Dear Language Textbook Writers,
I think there comes a point when most beginner-level language students, frantically committing to memory interminable lists of vocabulary, suddenly stop half-flash through an index card and think: Wait. What? Why the hell would I ever have to know the term for “pet grooming salon” in Russian? Are dogs even allowed in Russia? I don’t even know the verbs “to feed” or “to own” a pet, but I’ll damn well be taking my puppy to get shampooed and pruned the next time I’m in Moscow! And why does this Mandarin textbook require me to have such an eerily intimate knowledge of the names of gardening tools? Who even uses machetes any more? That’s a question I can’t answer, as I have not yet learned the Mandarin word for “people.” And why does this Greek textbook think it so very essential that I learn the word for “toilet paper” when a) we barely have reflexive verbs down and b) it’s Greece—I doubt that term is even very relevant there. What I’m trying to say is—and I’d hate to seem short-sighted, learned textbook authors—sometimes it just seems that there is a fundamental lack of prioritization when it comes to your selection of vocabulary.
But maybe I’m just bitter because I’m taking Russian 102, I’m on my second 400+ page ($100+) textbook this year, and tomorrow one of the phrases I will be tested on (for my second vocabulary quiz this week) is: “These pants look good on Olya.” There’s a good chance that, should I go to Russia, I will be categorically unable to process basic directions, but will be able to assert myself as a prime rascal nine times out of ten. So, in fairness, I should say that an incredibly specific situation probably does exist in which such a phrase (and indeed the ones referenced in the first paragraph also) may not just be useful but absolutely VITAL. Like, I don’t know. Maybe you’re in Russia with your St. Bernard and some Russian youth spills his borscht all over the poor thing. You’re gonna need a салон for your собака, stat! Or, imagine yourself in China, strolling through some obliging garden with your best girl, when she seizes you, hard, by your arm, and says, “My darling, I’m sorry. I’d love to continue this romantic promenade with you, only my foot is caught in this nasty Chinese bramble, making it impossible for me to move. If only we had a 大刀…” You’re in Greece, and for the zillionth time that week, you walk into a bathroom with no toilet paper. You don’t notice this fact until it’s too late, so, from your perch on the crapper, you yell “χαρτί τουαλέτας!”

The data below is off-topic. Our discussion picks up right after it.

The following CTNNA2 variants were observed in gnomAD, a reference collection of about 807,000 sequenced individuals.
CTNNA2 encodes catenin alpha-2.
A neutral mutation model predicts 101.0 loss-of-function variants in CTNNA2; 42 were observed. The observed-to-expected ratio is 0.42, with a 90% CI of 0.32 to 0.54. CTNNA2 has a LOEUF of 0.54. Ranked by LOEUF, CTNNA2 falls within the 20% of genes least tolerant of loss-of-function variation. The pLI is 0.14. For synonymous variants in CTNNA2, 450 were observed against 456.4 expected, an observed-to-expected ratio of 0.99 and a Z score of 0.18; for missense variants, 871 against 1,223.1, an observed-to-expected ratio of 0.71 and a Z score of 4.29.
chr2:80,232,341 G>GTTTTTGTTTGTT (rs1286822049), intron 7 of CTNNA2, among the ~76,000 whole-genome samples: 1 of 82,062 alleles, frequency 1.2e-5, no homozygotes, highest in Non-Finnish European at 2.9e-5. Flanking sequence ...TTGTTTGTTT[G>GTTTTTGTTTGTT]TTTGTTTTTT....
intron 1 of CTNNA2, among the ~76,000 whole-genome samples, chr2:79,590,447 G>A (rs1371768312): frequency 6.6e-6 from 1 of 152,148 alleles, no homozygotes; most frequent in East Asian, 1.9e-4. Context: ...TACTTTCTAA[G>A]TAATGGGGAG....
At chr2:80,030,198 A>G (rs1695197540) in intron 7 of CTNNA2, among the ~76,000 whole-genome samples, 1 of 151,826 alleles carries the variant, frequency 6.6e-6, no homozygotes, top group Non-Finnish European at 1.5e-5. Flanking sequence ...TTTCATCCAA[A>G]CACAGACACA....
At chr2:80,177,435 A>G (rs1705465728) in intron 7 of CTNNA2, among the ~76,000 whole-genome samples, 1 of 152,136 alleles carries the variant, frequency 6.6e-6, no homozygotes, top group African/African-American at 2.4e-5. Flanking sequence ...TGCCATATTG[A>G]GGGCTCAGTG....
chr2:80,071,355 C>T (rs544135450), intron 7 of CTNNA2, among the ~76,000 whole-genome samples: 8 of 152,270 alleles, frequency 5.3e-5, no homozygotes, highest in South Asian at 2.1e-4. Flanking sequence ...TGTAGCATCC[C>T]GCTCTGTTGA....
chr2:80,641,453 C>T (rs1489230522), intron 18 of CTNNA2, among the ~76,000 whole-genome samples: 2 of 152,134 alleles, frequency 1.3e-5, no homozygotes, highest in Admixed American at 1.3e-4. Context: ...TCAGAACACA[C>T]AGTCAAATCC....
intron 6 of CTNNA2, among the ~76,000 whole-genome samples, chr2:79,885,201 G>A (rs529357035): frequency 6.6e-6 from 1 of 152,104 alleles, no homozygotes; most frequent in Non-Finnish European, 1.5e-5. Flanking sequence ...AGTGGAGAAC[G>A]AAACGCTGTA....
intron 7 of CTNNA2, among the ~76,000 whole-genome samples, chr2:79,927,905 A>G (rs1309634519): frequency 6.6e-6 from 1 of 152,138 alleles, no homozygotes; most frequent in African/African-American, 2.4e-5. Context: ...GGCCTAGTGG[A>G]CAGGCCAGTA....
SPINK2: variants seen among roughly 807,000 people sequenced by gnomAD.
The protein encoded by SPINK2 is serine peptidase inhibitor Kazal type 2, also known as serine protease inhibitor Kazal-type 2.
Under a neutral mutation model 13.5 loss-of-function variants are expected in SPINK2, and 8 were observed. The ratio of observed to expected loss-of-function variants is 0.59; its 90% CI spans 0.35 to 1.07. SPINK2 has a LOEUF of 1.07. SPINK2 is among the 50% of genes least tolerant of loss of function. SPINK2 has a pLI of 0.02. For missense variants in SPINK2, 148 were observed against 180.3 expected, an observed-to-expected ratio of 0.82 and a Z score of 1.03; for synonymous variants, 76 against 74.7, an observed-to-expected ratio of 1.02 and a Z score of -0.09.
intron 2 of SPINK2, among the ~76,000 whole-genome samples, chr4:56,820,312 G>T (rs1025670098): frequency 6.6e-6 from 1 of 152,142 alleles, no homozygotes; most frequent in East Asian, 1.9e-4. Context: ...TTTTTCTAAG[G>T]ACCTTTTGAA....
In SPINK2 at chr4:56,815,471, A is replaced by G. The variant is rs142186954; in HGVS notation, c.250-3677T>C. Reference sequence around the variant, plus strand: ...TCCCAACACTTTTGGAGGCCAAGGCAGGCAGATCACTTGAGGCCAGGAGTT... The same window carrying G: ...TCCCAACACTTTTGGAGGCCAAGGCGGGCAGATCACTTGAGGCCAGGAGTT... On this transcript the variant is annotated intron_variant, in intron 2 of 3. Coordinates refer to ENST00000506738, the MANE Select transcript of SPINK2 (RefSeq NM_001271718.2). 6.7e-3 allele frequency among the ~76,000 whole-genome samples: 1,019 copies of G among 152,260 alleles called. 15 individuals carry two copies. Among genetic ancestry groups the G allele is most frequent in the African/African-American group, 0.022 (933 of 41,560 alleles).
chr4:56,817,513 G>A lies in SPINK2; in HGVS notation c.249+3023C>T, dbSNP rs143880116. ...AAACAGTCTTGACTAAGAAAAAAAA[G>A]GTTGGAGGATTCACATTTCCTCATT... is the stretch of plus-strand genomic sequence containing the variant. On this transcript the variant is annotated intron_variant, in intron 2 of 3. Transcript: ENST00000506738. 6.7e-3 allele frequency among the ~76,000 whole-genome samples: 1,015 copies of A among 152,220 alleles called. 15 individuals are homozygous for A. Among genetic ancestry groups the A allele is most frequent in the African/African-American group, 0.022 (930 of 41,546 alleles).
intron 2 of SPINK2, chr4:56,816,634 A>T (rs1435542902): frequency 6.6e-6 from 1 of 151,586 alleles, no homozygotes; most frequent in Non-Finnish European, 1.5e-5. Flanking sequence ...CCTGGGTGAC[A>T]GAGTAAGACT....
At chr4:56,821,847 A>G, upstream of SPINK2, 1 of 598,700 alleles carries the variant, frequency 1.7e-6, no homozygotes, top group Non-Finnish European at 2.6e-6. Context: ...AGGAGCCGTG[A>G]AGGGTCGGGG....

And Olya. Olya’s got new jeans. Those jeans look proper fit on Olya, and not the other way around. If you don’t tell her soon, she may think that the reason people are staring at her bum is because it possesses some appealing property of its own. You disillusion her gently, “Оле идут брюки.”
…Yeah, I still think you guys might need to do a better job of prioritizing.